For the last two years, Peter Follansbee and I have been having a conversation about trestle tables – or rather, we’ve been talking about two different forms of furniture that seem to share the same name.
The term “trestle” is first recorded in the English language about 1400 (“Richard Cœur de Lion” c1330-1450): “They sette tresteles, & layde a borde”). These early references and the paintings from the same period indicate a “trestle table” is actually two or more freestanding stools that are then covered by a board to make a table. It is early knock-down furniture.
Sometime in the last few hundred years, that form has mostly disappeared as a dining table, and the name “trestle table” now belongs to a permanent table where two end assemblies are joined by a long stretcher. The top is joined to the base. Something more like this:
This is basically the form of table that I have at my home, and I love it. It is remarkably lightweight, strong as heck and requires little material to build (the materials for the base cost me $30). I have no desire to replace this table, and I don’t think it could be improved in any way. I even like where my youngest daughter burned through the finish with some nail polish remover the week after I completed the project.
But I need to build another “trestle table” for an upcoming class on the form at the Marc Adams School of Woodworking that starts Monday, July 8. During this class, we’ll spend a day learning about trestle tables from the 1400s to the present so that each student can design a table that suits their minds and materials.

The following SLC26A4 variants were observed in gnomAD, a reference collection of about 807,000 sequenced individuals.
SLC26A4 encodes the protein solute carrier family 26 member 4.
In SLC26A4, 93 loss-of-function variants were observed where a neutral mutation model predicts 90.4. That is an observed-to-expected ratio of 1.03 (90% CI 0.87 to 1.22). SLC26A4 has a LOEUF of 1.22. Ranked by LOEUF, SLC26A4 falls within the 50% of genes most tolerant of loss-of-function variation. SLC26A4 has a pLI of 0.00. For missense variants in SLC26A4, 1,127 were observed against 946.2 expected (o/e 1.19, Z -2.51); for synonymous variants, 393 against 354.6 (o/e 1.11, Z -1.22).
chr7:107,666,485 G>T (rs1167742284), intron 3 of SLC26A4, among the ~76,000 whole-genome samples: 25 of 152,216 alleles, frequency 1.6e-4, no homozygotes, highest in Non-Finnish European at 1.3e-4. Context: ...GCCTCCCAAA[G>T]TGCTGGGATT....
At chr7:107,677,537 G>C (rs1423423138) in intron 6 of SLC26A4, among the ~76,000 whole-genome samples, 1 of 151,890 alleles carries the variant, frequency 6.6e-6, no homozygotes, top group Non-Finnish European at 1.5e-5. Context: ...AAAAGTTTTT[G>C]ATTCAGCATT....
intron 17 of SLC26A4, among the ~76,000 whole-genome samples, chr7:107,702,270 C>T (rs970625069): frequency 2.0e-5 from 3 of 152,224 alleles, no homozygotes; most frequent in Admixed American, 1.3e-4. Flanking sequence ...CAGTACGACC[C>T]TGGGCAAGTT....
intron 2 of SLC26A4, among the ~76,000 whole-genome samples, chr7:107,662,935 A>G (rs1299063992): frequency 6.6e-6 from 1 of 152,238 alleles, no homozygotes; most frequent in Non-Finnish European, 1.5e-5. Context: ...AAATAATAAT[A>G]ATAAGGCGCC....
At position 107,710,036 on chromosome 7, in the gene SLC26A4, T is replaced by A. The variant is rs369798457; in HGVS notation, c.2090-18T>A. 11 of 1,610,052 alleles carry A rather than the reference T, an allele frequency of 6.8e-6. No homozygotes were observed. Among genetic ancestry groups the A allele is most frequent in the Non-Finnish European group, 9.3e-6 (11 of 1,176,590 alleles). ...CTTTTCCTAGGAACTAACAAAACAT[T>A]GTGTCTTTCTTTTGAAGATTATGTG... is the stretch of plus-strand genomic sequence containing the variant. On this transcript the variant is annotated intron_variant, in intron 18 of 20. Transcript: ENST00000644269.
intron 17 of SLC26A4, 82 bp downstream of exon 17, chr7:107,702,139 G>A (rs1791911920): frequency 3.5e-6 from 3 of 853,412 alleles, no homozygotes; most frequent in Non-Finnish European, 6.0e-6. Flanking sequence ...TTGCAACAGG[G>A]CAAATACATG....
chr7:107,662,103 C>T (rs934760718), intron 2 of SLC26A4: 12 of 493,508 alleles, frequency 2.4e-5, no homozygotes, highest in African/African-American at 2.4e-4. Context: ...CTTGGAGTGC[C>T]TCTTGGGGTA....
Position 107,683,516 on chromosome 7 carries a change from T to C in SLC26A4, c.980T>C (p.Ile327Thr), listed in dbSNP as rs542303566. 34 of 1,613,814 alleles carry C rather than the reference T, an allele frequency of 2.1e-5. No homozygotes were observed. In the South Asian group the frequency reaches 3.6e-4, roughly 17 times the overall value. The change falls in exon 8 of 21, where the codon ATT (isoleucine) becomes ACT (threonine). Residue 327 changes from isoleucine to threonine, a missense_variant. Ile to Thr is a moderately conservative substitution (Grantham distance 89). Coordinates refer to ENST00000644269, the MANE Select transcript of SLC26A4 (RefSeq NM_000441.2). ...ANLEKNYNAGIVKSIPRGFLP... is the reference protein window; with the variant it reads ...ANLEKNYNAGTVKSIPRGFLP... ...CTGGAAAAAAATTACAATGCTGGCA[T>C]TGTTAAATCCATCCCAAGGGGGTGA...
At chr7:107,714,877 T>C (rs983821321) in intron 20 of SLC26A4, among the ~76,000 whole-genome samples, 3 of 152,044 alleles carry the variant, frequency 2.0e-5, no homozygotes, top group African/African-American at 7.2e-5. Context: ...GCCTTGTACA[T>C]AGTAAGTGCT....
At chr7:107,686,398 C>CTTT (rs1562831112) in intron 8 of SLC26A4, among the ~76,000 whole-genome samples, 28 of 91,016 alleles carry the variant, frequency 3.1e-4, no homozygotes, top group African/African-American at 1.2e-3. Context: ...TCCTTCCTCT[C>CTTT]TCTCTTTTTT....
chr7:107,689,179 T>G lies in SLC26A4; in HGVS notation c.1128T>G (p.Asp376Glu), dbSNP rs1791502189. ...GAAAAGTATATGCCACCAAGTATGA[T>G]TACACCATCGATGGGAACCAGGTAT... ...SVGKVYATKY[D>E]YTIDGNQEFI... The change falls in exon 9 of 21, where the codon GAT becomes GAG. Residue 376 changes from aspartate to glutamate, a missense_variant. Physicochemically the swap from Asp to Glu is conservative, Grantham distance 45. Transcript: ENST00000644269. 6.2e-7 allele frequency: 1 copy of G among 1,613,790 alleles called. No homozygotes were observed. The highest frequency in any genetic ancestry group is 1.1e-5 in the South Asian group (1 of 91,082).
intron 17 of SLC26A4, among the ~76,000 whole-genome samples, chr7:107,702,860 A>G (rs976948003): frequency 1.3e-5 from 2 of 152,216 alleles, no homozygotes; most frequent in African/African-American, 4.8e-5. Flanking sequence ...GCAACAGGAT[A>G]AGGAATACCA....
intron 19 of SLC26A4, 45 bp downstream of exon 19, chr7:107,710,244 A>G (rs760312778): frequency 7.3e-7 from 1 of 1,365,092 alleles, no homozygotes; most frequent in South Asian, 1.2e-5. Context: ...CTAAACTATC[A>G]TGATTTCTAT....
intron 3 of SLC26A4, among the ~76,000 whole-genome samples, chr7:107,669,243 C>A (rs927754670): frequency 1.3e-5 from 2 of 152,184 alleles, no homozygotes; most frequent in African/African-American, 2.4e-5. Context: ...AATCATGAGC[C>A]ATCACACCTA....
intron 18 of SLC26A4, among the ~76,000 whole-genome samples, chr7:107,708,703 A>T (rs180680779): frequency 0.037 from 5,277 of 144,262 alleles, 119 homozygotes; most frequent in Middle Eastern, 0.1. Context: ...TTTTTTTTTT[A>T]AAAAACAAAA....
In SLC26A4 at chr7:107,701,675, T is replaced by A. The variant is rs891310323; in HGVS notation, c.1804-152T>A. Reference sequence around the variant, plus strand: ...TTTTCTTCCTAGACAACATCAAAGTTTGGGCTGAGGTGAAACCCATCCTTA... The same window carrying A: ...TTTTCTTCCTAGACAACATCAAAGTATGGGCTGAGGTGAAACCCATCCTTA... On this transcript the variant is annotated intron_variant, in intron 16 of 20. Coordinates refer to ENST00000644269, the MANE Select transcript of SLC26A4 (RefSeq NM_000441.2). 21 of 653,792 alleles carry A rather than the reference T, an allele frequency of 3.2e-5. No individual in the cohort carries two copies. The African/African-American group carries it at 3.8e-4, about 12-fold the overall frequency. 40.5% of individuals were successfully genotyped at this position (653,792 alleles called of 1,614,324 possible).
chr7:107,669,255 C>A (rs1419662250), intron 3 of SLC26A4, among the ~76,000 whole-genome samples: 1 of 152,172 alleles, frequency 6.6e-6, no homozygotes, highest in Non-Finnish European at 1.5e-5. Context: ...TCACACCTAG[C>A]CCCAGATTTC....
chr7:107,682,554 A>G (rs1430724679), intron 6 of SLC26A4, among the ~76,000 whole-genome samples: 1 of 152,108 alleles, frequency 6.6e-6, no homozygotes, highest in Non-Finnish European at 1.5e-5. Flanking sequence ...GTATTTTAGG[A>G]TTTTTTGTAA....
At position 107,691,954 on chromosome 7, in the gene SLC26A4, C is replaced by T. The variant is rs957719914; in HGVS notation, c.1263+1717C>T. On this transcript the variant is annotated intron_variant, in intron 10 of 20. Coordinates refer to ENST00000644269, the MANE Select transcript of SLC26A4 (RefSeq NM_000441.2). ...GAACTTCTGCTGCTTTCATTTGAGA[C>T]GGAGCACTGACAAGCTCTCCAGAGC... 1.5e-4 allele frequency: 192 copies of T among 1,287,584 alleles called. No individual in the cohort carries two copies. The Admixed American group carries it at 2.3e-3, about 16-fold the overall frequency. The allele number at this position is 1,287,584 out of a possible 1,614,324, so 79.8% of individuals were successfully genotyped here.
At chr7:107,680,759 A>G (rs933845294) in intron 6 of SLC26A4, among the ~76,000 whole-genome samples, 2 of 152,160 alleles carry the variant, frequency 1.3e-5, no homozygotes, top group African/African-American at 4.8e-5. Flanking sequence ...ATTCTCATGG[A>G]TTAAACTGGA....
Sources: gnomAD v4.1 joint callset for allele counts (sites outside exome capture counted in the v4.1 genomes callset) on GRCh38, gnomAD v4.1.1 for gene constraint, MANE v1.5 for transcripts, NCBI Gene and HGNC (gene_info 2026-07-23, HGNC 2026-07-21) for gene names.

Me, I’m going to build a table like the one shown being dismantled by apes in the early 16th century Flemish painted glass window quarry at the top of this blog entry. The “trestles” are built much like an early sawbench. The top of each trestle is fairly thick, and the legs are tenoned into that thick piece. Each trestle has three legs that are splayed for stability – it looks more like a Windsor chair or perhaps a Roman workbench if you squint your eyes a bit.
I don’t expect any of the other students in the class to follow me down this dark path, so I’ll be loading my laptop with tons of photos of later trestle tables, from the Shakers to George Nakashima.
If you would like to blow off your job and join us next week, there are a few spots open in the class. Click here for details. Otherwise, stay tuned here and to my blog at Popular Woodworking next week as we build a bunch of different tables – all that share the name “trestle.”
— Christopher Schwarz